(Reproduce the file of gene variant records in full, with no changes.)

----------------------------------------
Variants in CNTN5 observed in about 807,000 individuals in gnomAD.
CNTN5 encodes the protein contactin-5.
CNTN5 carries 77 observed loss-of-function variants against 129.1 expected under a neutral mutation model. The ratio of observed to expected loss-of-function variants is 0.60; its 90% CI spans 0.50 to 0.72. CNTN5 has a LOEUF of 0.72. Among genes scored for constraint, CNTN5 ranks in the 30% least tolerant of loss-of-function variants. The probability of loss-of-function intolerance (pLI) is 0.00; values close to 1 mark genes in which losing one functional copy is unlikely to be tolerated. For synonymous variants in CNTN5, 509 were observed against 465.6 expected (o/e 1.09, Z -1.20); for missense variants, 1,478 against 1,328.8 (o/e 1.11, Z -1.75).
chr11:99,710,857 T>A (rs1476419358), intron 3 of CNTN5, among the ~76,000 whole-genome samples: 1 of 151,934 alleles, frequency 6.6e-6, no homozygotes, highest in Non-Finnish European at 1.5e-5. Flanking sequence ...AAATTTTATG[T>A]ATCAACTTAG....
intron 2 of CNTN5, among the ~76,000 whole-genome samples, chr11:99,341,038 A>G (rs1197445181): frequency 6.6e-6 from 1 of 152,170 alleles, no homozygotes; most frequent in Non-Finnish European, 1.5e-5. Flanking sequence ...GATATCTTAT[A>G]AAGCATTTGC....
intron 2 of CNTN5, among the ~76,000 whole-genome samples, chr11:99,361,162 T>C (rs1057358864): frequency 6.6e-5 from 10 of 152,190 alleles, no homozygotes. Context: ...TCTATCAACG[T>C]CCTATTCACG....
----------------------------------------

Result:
Variants in CNTN5 observed in about 807,000 individuals in gnomAD.
CNTN5 encodes the protein contactin-5.
CNTN5 carries 77 observed loss-of-function variants against 129.1 expected under a neutral mutation model. The ratio of observed to expected loss-of-function variants is 0.60; its 90% CI spans 0.50 to 0.72. CNTN5 has a LOEUF of 0.72. Among genes scored for constraint, CNTN5 ranks in the 30% least tolerant of loss-of-function variants. The probability of loss-of-function intolerance (pLI) is 0.00; values close to 1 mark genes in which losing one functional copy is unlikely to be tolerated. For synonymous variants in CNTN5, 509 were observed against 465.6 expected (o/e 1.09, Z -1.20); for missense variants, 1,478 against 1,328.8 (o/e 1.11, Z -1.75).
chr11:99,710,857 T>A (rs1476419358), intron 3 of CNTN5, among the ~76,000 whole-genome samples: 1 of 151,934 alleles, frequency 6.6e-6, no homozygotes, highest in Non-Finnish European at 1.5e-5. Flanking sequence ...AAATTTTATG[T>A]ATCAACTTAG....
intron 2 of CNTN5, among the ~76,000 whole-genome samples, chr11:99,341,038 A>G (rs1197445181): frequency 6.6e-6 from 1 of 152,170 alleles, no homozygotes; most frequent in Non-Finnish European, 1.5e-5. Flanking sequence ...GATATCTTAT[A>G]AAGCATTTGC....
intron 2 of CNTN5, among the ~76,000 whole-genome samples, chr11:99,361,162 T>C (rs1057358864): frequency 6.6e-5 from 10 of 152,190 alleles, no homozygotes. Context: ...TCTATCAACG[T>C]CCTATTCACG....